In my post last week, I talked about NOT doing something because you don’t feel like it and how to turn that into a positive.
I truly think it is an important skill, because I believe procrastination happens to all of us. No matter how much planning we do or how organized and disciplined we are, humans are still subject to pesky emotions that govern our actions – or our in-actions!
But I don’t want to advocate that as a habit, because you will always have a million little things that will put off that hard-but-important task.
So today, I want to talk about organizing. Not about organizing our stuff, but organizing our feelings.
I can see your eyes rolling now. “I know you like to be organized, Coryne, but organizing your feelings?!? What’s next, organizing your hair follicles?”
Stay with me here.
In my mind, people tend to organize tasks into one of two buckets: those that feel good and those that feel bad. I procrastinate washing the windows because I don’t like doing it; it feels bad. I don’t have that performance talk with my employee because it makes both of us uncomfortable; it feels bad.
I propose that we think about it a little differently. What happens if our two buckets are tasks that feel good and tasks that DO good?
Don’t all tasks do good in some way, shape or form? Well, yes, otherwise why would we bother? But a task doesn’t DO good until it gets done. And if we aren’t doing it because it feels bad, well, it’s just sitting on the to-do list, making us feel guilty!
We have to learn to process the feelings around those tasks, so they actually get done.
Organize How You Feel
By organizing your emotions, you are placing them in a context. You are figuring out
- where they come from,
- whether or not they serve you, and
- what they are trying to tell you.
Just being conscious of your feelings isn’t going to help you navigate your life. To do that, you have to be able to recognize your emotions and use them to your advantage.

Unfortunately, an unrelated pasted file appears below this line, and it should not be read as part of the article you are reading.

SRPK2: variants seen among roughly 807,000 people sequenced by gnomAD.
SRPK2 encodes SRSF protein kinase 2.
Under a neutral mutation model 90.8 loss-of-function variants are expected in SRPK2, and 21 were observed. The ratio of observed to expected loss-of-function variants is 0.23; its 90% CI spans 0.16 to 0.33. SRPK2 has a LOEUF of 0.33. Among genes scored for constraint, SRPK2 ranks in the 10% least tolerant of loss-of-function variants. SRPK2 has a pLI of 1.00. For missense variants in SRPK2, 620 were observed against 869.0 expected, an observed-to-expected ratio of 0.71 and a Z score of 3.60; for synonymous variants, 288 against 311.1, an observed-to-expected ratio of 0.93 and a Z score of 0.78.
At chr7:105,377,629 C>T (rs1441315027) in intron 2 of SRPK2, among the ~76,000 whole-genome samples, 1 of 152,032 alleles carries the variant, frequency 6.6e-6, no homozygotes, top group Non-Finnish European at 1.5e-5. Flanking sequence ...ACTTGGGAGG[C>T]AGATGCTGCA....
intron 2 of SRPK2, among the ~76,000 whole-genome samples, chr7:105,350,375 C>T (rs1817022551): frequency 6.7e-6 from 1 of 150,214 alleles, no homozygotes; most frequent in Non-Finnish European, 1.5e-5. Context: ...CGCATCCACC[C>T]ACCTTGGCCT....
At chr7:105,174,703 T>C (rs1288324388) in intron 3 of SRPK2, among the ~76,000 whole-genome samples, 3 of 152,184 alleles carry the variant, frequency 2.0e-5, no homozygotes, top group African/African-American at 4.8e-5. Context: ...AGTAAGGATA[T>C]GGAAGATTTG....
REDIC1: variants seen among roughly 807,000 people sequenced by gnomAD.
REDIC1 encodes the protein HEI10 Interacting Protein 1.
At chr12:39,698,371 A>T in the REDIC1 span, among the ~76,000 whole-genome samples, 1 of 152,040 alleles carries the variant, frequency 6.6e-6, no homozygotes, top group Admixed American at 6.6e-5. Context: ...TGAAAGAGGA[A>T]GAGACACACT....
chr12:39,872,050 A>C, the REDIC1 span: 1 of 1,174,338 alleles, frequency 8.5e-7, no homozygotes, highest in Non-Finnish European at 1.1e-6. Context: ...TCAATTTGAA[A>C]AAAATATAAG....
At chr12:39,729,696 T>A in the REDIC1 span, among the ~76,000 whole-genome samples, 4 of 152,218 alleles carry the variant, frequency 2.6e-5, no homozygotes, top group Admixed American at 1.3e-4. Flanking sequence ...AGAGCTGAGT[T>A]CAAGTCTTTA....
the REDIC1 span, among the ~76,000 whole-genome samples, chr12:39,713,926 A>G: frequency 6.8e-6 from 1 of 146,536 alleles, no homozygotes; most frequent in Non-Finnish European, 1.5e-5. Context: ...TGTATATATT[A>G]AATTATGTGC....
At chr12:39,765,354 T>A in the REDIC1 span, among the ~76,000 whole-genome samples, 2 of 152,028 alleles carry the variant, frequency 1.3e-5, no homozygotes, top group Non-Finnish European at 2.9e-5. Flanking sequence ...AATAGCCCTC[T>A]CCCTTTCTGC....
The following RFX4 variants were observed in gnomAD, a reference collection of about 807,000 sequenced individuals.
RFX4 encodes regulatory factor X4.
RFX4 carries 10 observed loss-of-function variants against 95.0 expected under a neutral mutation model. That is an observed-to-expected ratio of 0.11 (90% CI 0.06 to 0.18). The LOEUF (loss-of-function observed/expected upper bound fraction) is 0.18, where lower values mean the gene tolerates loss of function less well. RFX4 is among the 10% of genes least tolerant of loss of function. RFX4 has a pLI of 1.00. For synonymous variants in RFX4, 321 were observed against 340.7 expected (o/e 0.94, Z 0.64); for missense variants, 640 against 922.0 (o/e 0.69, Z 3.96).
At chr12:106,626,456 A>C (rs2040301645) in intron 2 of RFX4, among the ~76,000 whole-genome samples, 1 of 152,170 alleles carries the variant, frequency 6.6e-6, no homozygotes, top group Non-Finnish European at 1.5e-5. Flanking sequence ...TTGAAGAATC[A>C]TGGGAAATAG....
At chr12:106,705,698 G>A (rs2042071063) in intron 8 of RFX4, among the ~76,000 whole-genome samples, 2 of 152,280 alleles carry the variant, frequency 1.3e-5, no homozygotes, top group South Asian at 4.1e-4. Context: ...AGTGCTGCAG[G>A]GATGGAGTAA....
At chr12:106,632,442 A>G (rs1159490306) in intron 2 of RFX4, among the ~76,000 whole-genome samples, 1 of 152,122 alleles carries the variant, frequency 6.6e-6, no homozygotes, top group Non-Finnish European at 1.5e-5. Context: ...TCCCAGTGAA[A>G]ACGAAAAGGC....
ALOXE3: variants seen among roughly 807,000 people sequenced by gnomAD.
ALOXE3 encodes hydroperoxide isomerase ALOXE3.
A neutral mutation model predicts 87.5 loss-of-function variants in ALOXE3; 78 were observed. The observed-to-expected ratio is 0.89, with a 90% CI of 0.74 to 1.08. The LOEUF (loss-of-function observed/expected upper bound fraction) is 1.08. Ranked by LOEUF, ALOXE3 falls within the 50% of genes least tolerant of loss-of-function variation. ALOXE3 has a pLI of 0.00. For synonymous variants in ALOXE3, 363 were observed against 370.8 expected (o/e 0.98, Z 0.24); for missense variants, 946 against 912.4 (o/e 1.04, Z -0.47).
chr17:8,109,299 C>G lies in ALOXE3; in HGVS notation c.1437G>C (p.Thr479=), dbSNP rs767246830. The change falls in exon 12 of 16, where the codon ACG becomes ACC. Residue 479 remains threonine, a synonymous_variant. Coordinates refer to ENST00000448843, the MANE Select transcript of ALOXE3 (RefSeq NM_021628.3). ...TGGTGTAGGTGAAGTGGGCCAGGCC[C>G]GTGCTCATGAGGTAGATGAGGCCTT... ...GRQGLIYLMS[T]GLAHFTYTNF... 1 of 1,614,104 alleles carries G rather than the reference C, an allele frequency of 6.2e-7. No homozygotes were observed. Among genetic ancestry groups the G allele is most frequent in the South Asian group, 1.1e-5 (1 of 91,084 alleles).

Well, how in the heck do you turn “I don’t feel like going to work today” into an advantage?
I mean, if we don’t know what our long term goals are, how do we know if they are worth suffering for? How do we know if that task we don’t feel like doing is actually going to do good?
We need context.
How We Feel and the Five Whys
Once we have context, we can name our emotions through that lens and do a little digging, courtesy of the Five Whys. Let’s play this out with the “I don’t feel like going to work today” example.
- Why don’t I feel like going to work today? Because I’m drained and exhausted.
- Why am I drained and exhausted? Because I’ve been putting in extra hours on the Acme project.
- Why have I had to put in the extra hours? Because some of the other people have been out of the office and I feel responsible for the deliverable.
- Why do I feel more responsible than the other people? Because I have the most experience and a track record of delivering for Acme and I don’t want to blow that streak.
- Why is the streak important to me? Because I take pride in my work and eventually I want to be the lead for the Acme account.
There we go! That’s the long term goal tie-in. With all this introspection, we can now organize that “I don’t feel like going to work”.
- It comes from putting in too many hours lately
- It serves me because I want to head up the Acme account one day
- It’s trying to tell me to slow down a little so I don’t get burnt out.
And that is what emotions are supposed to tell us. People who thrive in life are not controlled by their feelings, but nor do they suppress or ignore them. Our emotions are a signaling system designed to communicate to us what we really need and want.
So you’ll be better for going through the trouble of organizing your emotions. You avoid the martyr syndrome of pushing through the tasks despite your feelings. Plus, you avoid the trap of letting your emotions control everything without analysis.
Leaving you with this from the lighter side: You say I should own my emotions, but my accountant says it would be cheaper to lease them.